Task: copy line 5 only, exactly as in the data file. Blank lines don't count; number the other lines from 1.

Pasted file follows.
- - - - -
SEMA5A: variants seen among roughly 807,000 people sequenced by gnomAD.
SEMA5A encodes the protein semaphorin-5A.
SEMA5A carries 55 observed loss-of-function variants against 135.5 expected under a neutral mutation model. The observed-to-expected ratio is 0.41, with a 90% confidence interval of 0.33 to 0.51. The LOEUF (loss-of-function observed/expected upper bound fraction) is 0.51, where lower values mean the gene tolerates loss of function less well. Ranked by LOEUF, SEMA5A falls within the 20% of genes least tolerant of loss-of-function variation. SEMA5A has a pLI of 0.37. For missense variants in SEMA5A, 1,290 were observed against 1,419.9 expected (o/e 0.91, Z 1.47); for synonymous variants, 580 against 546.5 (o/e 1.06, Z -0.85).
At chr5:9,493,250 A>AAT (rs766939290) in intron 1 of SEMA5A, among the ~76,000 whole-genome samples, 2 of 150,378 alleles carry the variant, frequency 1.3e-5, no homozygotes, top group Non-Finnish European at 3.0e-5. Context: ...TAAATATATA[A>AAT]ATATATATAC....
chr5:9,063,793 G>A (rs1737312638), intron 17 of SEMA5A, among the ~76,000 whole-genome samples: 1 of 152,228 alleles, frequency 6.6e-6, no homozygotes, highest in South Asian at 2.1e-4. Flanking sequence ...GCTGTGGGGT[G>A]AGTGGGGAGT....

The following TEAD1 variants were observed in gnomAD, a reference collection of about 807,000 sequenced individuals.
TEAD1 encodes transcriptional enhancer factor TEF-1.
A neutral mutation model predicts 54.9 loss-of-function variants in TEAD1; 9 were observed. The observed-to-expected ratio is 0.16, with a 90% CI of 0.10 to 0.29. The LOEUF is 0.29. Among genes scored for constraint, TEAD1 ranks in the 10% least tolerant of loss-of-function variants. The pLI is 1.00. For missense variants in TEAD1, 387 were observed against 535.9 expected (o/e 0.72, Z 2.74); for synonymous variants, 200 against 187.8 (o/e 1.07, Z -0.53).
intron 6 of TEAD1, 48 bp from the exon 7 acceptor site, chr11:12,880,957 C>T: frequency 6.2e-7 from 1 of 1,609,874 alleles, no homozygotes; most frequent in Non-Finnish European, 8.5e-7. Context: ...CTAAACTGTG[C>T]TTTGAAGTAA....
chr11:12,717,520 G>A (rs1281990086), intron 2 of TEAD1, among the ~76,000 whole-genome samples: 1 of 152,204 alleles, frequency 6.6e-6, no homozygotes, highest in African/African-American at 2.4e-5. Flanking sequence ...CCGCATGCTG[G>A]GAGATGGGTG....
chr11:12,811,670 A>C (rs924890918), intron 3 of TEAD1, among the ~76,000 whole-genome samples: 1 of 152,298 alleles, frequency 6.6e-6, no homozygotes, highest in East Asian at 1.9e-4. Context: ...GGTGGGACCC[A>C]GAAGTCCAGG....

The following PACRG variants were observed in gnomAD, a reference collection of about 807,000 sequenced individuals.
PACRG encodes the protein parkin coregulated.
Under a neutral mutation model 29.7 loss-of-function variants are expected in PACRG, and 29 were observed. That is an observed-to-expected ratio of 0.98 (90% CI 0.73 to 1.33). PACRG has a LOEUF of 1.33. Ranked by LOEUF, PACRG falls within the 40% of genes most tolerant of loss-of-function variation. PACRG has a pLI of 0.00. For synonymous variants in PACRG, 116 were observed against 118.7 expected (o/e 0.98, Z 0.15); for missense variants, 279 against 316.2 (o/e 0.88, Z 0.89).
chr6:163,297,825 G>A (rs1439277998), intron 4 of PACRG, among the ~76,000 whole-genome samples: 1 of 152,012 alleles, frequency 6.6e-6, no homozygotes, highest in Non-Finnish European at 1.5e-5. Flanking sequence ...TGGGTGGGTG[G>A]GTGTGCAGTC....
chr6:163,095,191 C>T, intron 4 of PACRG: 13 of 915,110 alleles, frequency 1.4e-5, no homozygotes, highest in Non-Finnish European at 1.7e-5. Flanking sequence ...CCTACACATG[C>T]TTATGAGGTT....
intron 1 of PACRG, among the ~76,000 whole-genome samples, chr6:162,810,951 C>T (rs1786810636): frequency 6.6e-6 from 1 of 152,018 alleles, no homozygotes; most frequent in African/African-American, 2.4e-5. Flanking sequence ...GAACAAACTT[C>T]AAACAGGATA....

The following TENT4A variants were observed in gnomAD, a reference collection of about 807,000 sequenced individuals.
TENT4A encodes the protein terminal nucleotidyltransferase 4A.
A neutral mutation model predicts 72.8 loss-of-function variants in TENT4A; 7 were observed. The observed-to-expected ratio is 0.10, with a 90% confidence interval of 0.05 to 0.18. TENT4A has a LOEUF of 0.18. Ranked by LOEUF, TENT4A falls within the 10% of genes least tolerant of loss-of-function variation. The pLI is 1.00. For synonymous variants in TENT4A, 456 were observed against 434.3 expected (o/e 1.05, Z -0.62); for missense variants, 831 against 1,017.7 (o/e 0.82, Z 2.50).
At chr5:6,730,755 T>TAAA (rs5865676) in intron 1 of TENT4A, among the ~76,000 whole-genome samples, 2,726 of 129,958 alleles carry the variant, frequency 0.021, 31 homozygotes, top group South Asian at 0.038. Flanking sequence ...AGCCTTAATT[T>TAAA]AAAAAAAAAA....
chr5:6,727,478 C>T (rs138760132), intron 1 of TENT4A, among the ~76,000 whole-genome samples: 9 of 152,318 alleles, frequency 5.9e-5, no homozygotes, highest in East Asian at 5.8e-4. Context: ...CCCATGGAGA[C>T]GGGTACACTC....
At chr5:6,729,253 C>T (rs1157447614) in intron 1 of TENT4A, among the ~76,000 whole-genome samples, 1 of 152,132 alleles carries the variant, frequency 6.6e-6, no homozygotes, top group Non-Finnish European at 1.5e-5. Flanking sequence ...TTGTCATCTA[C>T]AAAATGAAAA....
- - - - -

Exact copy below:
chr5:9,063,793 G>A (rs1737312638), intron 17 of SEMA5A, among the ~76,000 whole-genome samples: 1 of 152,228 alleles, frequency 6.6e-6, no homozygotes, highest in South Asian at 2.1e-4. Flanking sequence ...GCTGTGGGGT[G>A]AGTGGGGAGT....